We are now in the aftermath of the historic and significant Supreme Court ruling in favor of the Affordable Care Act (ACA). Our celebrations have simmered down and now we are analyzing what it all truly means and educating our communities, while pushing back against the relentless opposition (i.e. the 33rd vote by the House to repeal ACA).
As I monitored the SCOTUS blog at the crack of dawn on the day of the ruling, I reminded myself that my mother, who had already been at work since 5 a.m. inside the hotel where she has worked for over 35 years, probably did not hear about the decision. While those who work on reforming our health care delivery system blasted emails, tweeted, blogged, and spoke with media, I wondered what she would have thought if she heard President Obama speak. Despite having a health policy wonk for a daughter, she would probably still wonder how this decision affects her, as most people did that morning and still do.
Despite the onslaught of reporting that day, the majority of discussions did not address how the ACA would benefit Latina/o individuals and families. Based on a xenophobic narrative, coverage about the fastest growing ethnic group in the country falsely pegs Latinas/os as immigrants who “drain” the system, and ignores contributions of immigrant and non-immigrant families as well as the less than half of Latinas/os who have access to job-based health insurance.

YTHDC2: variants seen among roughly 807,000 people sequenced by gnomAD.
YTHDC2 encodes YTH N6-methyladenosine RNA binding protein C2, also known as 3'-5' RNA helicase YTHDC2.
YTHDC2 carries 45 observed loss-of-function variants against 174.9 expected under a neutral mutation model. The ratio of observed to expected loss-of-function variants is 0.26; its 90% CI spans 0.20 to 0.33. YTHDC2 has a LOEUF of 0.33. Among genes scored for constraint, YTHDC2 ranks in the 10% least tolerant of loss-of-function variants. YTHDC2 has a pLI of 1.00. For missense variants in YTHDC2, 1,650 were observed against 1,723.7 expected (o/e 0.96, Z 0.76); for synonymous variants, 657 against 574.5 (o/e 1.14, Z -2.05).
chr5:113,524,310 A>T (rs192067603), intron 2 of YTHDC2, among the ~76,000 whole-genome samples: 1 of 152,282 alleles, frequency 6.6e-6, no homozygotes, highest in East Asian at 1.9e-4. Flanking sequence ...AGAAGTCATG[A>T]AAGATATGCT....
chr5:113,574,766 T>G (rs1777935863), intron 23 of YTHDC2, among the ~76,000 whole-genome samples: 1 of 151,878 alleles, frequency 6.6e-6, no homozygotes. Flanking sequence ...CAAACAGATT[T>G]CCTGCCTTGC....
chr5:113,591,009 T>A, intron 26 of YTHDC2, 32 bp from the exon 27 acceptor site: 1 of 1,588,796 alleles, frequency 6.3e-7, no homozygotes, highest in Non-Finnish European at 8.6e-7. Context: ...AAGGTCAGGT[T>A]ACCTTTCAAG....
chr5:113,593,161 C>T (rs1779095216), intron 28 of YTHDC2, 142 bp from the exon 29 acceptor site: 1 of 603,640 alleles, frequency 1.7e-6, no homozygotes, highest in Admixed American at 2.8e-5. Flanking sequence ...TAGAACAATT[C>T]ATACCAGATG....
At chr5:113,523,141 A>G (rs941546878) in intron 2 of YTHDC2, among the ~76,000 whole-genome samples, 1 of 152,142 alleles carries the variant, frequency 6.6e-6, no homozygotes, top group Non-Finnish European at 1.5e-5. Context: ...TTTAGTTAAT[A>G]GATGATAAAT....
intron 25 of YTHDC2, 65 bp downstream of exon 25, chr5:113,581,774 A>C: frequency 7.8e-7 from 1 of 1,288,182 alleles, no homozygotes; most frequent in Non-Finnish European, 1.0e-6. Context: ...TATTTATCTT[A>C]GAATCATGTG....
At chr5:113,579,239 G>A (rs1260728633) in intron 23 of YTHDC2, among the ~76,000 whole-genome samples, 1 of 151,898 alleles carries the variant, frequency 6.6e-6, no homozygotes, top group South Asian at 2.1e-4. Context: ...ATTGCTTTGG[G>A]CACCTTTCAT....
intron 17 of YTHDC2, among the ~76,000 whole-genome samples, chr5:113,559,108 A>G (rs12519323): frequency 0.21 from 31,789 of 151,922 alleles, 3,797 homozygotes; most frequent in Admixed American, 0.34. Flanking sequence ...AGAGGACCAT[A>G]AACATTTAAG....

Overall, California Latinas/os stand to gain the most with the ACA, whether currently insured or uninsured. Latinas are the most uninsured group in the state with 4 out of 10 of us lacking health coverage. With this decision, over 2 million more California Latina/os will have access to affordable health care in 2014. It will also help the Latinas/os who already have employer-based coverage through regulatory and broader public health provisions.